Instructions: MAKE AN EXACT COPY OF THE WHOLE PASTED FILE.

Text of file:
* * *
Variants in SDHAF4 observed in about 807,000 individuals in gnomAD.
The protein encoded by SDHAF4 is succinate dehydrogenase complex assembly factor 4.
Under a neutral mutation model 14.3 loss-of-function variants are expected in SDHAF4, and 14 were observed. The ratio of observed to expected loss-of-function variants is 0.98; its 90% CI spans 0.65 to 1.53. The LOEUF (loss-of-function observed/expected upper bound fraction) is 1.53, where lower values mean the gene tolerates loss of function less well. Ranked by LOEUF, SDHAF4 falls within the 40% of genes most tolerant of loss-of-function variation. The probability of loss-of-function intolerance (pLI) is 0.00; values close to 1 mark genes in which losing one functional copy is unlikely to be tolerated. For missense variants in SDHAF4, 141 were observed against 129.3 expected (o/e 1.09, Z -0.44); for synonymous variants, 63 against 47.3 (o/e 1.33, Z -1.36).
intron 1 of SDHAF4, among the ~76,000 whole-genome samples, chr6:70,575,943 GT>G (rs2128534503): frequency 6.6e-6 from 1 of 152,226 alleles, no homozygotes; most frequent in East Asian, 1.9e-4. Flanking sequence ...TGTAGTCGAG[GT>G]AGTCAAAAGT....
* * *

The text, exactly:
Variants in SDHAF4 observed in about 807,000 individuals in gnomAD.
The protein encoded by SDHAF4 is succinate dehydrogenase complex assembly factor 4.
Under a neutral mutation model 14.3 loss-of-function variants are expected in SDHAF4, and 14 were observed. The ratio of observed to expected loss-of-function variants is 0.98; its 90% CI spans 0.65 to 1.53. The LOEUF (loss-of-function observed/expected upper bound fraction) is 1.53, where lower values mean the gene tolerates loss of function less well. Ranked by LOEUF, SDHAF4 falls within the 40% of genes most tolerant of loss-of-function variation. The probability of loss-of-function intolerance (pLI) is 0.00; values close to 1 mark genes in which losing one functional copy is unlikely to be tolerated. For missense variants in SDHAF4, 141 were observed against 129.3 expected (o/e 1.09, Z -0.44); for synonymous variants, 63 against 47.3 (o/e 1.33, Z -1.36).
intron 1 of SDHAF4, among the ~76,000 whole-genome samples, chr6:70,575,943 GT>G (rs2128534503): frequency 6.6e-6 from 1 of 152,226 alleles, no homozygotes; most frequent in East Asian, 1.9e-4. Flanking sequence ...TGTAGTCGAG[GT>G]AGTCAAAAGT....